More evacuations ordered as Colorado wildfire spreads

More evacuations ordered as Colorado wildfire spreads

(Reuters) - Hundreds of people in southwestern Colorado were ordered to evacuate their homes on Thursday as hot, dry and windy conditions stoked a wildfire that was still 90 percent uncontained, federal and local officials said.

Residents living near Hermosa, located about 10 miles north of Durango, joined others who were ordered to evacuate nearly a week ago. The blaze dubbed the 416 Fire had burnt a total of 5,103 acres (2,065 hectares) by Thursday morning, including about 1,000 acres in the past 24 hours, officials said.

By Thursday morning, the 416 Fire had displaced residents of nearly 1,200 homes since it started last Friday. Residents of nearly 1,600 other houses have been told to be prepared for possible evacuation, said Megan Graham, spokeswoman for La Plata County.

Temperatures in the mid 80s F (30 C) and 15 mile (25 km) per hour winds and low humidity are in the forecast for the area on Thursday, the National Weather Service said.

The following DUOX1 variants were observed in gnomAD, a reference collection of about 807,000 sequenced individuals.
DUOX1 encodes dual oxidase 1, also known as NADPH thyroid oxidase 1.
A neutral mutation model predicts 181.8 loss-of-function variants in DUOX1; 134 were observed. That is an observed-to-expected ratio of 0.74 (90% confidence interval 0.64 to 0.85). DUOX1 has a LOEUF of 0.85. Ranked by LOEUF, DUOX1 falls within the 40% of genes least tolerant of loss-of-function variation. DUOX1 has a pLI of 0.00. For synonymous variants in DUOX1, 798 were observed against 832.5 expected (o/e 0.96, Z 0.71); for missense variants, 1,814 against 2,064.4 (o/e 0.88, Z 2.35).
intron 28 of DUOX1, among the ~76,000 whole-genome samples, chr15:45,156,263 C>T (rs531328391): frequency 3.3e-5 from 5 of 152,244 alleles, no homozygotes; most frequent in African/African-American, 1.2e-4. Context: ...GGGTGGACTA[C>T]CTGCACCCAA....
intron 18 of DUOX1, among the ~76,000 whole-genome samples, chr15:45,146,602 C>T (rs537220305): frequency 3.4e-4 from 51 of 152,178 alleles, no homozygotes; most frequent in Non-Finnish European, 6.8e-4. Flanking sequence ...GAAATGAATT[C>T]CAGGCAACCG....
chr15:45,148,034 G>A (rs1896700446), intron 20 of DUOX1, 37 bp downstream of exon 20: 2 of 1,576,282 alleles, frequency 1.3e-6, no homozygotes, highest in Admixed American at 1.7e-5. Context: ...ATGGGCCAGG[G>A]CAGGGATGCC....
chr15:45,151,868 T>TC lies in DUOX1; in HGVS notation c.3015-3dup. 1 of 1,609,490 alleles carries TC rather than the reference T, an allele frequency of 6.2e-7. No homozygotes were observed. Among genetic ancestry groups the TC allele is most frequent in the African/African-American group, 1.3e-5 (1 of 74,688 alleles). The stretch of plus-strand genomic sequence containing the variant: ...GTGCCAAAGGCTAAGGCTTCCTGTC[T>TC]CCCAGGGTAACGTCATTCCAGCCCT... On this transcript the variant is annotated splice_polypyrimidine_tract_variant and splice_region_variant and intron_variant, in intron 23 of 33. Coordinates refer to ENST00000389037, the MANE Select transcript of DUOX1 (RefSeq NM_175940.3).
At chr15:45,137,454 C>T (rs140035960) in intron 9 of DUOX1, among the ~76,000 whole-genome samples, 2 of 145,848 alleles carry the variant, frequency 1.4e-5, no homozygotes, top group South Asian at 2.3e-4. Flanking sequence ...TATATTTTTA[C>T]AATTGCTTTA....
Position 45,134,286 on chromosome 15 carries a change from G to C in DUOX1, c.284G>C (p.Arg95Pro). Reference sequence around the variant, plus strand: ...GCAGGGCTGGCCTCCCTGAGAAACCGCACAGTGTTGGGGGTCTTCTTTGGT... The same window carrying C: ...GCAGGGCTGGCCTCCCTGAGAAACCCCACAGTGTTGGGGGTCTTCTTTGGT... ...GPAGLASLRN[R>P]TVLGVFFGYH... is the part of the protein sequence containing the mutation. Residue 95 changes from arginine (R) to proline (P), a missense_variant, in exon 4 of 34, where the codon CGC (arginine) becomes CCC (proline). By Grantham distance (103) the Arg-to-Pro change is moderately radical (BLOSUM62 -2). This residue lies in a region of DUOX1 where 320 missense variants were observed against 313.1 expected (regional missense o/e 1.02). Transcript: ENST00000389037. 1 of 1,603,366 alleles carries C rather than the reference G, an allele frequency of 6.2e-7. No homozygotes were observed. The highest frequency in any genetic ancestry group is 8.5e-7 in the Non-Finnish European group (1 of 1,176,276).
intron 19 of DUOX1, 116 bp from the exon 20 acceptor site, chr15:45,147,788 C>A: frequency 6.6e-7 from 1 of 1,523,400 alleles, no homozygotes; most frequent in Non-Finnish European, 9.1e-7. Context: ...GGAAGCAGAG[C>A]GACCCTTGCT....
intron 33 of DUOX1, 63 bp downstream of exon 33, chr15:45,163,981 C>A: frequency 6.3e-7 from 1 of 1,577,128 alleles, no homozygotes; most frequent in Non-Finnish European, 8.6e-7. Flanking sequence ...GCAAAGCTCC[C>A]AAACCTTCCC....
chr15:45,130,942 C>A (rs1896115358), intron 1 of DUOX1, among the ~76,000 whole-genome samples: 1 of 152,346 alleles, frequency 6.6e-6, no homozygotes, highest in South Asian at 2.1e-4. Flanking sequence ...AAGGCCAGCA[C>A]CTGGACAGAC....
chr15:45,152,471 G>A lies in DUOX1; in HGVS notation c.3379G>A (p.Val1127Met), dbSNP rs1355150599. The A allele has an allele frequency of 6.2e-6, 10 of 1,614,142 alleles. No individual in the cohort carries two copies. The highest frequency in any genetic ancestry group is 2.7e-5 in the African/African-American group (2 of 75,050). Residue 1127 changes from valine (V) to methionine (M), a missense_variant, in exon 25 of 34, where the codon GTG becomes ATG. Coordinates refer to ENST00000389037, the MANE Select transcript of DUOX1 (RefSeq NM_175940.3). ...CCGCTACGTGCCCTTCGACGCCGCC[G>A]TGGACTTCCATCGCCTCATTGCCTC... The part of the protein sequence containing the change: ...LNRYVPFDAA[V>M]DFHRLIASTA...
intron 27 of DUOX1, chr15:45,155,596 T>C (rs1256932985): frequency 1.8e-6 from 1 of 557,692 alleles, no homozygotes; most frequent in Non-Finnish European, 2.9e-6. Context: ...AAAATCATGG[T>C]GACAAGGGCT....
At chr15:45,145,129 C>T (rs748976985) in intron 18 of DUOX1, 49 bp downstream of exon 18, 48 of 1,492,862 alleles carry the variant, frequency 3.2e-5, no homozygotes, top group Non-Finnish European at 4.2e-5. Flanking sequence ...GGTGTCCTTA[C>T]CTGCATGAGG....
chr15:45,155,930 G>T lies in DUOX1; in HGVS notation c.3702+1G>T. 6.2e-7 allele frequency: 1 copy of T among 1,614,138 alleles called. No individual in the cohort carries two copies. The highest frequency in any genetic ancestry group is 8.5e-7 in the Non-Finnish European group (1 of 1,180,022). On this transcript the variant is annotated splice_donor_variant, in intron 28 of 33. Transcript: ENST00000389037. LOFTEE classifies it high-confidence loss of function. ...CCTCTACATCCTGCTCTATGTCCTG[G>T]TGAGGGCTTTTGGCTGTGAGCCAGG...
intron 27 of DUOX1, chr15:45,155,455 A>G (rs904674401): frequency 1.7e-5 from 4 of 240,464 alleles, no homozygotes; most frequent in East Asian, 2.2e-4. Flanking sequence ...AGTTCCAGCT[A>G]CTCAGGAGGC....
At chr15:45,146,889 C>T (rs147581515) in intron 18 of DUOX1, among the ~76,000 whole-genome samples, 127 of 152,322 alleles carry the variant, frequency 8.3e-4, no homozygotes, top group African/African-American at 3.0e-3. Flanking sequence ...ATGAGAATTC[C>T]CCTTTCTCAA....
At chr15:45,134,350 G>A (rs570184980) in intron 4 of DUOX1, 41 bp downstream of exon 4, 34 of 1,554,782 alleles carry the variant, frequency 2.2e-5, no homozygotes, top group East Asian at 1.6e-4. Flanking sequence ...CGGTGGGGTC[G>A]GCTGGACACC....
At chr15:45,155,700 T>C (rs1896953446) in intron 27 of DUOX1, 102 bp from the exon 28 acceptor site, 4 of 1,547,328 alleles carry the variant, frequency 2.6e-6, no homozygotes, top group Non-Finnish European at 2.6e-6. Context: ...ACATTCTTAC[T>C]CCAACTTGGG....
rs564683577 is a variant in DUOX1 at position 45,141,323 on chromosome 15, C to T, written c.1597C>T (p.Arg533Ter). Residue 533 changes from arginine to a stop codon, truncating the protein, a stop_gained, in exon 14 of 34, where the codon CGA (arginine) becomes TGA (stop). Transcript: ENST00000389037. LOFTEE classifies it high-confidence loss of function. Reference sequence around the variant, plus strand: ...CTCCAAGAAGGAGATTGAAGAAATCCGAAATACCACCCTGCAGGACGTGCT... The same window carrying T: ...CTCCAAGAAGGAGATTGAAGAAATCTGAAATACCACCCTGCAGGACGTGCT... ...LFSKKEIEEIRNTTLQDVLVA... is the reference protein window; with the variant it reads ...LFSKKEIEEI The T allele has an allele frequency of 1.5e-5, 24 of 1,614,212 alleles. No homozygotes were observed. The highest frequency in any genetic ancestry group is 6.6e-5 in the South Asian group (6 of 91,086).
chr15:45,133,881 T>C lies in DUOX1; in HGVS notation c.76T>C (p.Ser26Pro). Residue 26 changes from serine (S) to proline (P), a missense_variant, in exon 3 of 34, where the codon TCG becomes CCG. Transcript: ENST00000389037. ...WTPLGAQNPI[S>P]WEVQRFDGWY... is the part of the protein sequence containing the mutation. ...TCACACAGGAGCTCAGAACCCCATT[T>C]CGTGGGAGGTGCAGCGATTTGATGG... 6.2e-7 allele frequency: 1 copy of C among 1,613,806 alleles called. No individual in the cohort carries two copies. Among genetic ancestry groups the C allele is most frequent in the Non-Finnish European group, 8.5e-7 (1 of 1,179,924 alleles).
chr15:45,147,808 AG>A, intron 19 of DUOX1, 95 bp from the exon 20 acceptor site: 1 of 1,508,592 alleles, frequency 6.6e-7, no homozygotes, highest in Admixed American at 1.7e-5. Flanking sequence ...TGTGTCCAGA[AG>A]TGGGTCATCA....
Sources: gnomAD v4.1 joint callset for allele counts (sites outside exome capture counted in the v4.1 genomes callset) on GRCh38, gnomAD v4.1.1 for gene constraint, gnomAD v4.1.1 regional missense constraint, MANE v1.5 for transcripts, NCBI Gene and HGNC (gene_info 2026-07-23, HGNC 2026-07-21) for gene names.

More than 600 firefighters battling the Colorado blaze were preparing "for another challenging day," the National Forest Service said in an alert.

The fire, which remained 10 percent contained, has expanded to the north, the west and the south but has not crossed U.S. Highway 550, which has helped firefighters protect houses east of the highway, Graham said.

Vehicles were allowed to pass through the area in single-file convoys escorted by law enforcement officers, she said.

Investigators have yet to determine the cause of the blaze, U.S. Forestry officials said.

The National Weather Service has placed large sections of the Four Corners region of Colorado, New Mexico, Arizona and Utah under an elevated fire risk.

In northern New Mexico, the Ute Park Fire that started May 31 had burnt 36,800 acres (14,892 hectares) by Wednesday. It was 35 percent contained, the multi-agency group fighting the fire said.

While the fire continued to burn on Thursday, it was "surrounded by previously burnt areas that will confine its spread," officials said.

No injuries or major damage to structures have been reported from either fire, officials said.

(Reporting by Bernie Woodall in Fort Lauderdale, Florida, Jon Herskovitz in Austin, Texas, and Brendan O'Brien in Milwaukee; Editing by Bill Tarrant and Leslie Adler)

This story has not been edited by Firstpost staff and is generated by auto-feed.


Updated Date: Jun 08, 2018 02:07 AM

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